Given the strength of energy markets generally – with the price of crude oil almost doubling in the past 12 months and quadrupling over the past four years – it is remarkable and somewhat counterintuitive to note how poorly many oil and gas producers have
Given the strength of energy markets generally – with the price of crude oil almost doubling in the past 12 months and quadrupling over the past four years – it is remarkable and somewhat counterintuitive to note how poorly many oil and gas producers have performed on the stock market.
Many oil companies have halved in value during the past two years or so. For instance, Tap Oil fell from a high around $3.20 per share in August 2005 to trade at $1.40 during the second half of 2007. Roc Oil has plummeted from $4.25 in July 2007 to lows of $1.90 in recent days, while Arc Energy has also halved in price during the 30 months.
The list goes on, with the casualties including Petsec, which is now trading at close to one third of its high of 18 months ago, while AED fell precipitously from $11 to $2 per share.
Majors such as Woodside and Santos have not been immune to share price weakness, although their recent form could more easily be put down to overall market conditions.
The reasons for this seemingly anomalous behaviour vary, but centre on poor exploration outcomes and thus perceptions towards medium-term growth and, in some cases, poor project execution and resource downgrades.
Roc Oil has tended to trade with a high level of value for its risk-adjusted exploration appeal. A series of poor exploration and development well outcomes, firstly in Mauritania and then at the newly acquired Zhao Dong project in China, followed by a recent dusters in Angola and China’s Beibu Gulf, have downgraded Roc’s exploration appeal.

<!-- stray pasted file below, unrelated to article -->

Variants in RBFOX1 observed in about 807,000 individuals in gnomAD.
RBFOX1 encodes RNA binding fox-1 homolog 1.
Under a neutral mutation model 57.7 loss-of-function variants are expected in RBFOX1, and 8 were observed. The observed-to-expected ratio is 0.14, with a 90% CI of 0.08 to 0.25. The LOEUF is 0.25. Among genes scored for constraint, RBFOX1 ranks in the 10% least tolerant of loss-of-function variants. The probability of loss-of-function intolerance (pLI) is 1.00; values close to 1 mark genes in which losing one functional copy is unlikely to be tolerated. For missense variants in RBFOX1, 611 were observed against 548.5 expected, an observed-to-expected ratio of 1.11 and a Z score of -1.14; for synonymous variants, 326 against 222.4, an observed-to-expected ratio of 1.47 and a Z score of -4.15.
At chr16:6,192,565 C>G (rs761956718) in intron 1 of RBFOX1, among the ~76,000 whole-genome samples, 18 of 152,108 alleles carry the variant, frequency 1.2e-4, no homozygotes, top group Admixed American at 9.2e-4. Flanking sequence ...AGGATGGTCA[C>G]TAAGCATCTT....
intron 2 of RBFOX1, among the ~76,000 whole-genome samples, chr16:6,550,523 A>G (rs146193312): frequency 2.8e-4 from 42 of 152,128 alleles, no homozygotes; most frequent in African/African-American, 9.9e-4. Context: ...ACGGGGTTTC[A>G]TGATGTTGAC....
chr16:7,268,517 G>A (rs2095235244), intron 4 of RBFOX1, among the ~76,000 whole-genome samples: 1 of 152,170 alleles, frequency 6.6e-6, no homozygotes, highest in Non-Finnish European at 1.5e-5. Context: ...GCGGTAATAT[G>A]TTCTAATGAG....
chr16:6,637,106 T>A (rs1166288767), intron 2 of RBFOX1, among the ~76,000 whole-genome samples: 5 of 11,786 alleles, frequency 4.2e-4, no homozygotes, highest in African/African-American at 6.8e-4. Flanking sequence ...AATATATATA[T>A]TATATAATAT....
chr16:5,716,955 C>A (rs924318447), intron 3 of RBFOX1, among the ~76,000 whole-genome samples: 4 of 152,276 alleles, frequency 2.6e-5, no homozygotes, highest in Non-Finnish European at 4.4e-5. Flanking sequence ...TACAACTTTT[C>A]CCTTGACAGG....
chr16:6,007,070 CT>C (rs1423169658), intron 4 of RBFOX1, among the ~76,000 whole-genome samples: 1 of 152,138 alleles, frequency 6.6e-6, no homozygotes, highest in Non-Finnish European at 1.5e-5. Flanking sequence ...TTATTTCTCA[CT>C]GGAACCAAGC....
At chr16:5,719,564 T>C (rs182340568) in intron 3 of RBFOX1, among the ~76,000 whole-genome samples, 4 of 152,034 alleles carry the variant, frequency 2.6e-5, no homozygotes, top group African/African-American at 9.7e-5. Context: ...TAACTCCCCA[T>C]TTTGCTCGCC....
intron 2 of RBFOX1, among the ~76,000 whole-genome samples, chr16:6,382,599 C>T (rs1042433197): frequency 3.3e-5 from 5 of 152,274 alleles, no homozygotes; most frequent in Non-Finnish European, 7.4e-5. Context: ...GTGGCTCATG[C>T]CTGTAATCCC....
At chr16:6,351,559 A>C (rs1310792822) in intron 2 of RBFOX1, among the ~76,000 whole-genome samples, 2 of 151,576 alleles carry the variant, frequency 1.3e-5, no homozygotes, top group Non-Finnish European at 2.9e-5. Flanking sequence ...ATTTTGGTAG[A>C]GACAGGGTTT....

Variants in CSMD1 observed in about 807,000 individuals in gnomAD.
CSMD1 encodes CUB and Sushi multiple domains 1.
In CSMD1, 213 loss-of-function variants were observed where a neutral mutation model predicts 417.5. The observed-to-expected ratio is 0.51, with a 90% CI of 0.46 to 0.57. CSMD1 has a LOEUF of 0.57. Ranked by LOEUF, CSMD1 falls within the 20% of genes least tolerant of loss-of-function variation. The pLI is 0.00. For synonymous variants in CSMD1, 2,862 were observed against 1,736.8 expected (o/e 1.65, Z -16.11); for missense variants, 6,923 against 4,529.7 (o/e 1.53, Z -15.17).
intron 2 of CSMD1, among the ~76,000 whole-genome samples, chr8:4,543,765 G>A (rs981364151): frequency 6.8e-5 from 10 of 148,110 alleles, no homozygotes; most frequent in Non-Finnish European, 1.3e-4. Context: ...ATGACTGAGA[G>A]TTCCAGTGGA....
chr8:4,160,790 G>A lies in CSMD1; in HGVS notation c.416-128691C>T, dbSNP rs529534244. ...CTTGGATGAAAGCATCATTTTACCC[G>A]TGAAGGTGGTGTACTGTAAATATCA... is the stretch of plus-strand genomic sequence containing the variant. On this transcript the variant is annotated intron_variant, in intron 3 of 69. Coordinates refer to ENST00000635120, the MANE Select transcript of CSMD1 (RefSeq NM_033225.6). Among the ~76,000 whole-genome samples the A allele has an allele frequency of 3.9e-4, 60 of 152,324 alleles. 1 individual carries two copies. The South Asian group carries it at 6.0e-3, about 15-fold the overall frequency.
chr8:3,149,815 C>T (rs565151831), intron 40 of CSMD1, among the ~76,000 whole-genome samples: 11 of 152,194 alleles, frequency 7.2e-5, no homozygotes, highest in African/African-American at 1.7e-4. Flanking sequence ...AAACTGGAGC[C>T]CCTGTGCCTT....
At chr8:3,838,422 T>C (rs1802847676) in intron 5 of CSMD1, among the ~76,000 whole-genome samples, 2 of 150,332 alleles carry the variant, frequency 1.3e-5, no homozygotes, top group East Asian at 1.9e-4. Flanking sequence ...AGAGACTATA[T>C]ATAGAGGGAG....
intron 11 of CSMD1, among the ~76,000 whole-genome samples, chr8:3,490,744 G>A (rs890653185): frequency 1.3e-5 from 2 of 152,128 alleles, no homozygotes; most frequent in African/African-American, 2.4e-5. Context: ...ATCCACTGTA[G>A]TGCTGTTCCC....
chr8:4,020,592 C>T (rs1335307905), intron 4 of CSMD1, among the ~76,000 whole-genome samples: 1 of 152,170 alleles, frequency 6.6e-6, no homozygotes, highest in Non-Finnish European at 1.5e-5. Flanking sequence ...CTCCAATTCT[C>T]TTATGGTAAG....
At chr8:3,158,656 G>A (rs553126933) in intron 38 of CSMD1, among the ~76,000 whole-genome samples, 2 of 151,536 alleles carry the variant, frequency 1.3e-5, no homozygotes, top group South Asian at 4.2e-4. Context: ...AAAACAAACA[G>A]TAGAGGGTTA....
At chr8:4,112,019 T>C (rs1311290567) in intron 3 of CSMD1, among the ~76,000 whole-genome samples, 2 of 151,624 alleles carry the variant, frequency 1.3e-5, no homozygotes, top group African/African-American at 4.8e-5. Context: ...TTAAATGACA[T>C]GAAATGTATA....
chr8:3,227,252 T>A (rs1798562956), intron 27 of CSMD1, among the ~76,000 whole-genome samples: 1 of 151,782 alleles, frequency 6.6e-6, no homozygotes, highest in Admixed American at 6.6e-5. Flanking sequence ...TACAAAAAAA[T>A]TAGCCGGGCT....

In Mauritania, the much-vaunted Chinguetti oilfield has gone from being 123 million barrels with upside to 140mmbls, to now stand at about 35mmbls, with the field massively under-performing its early production expectations.
Reservoirs here are now seen as being highly compartmentalised and further development drilling is required to maximise production. Political turmoil in Mauritania, along with an unexpected bill for $US100 million from the newly, self-installed Mauritanian regime, also dampened enthusiasm for the project and the region, so much so that Woodside has now sold out and is leaving Africa completely.
Roc Oil’s recent oil reserve downgrade in China was met with savage and punitive selling on the market as investors vented their frustration and anger at director of share sales ahead of this announcement. It’s tough being a director when selling shares is almost impossible, but a degree of support and integrity is always appreciated, especially when directors are well paid for their involvement.
Briefcase believes recent selling was irrational and overdone, offering an excellent entrance point to investors who have so far missed out on the Roc story.
Arc Energy has suffered a similar fate at the hands of the drill bit. A series of dusters at its home base, onshore Perth Basin, during 2007 and so far equivocal results from an $18 million dollar exploration program in the Canning Basin have led to its share price being savaged. Takeover bids, first for Mitsui’s offshore production assets, and more recently a doomed attempt to secure Anzon’s 40 per cent of the Basker Manta Gummy oil and gas fields, has also kept investors away.
Meanwhile, Petsec Energy, always appears to be running hard just to stand still, and its production is based on the lower valued natural gas.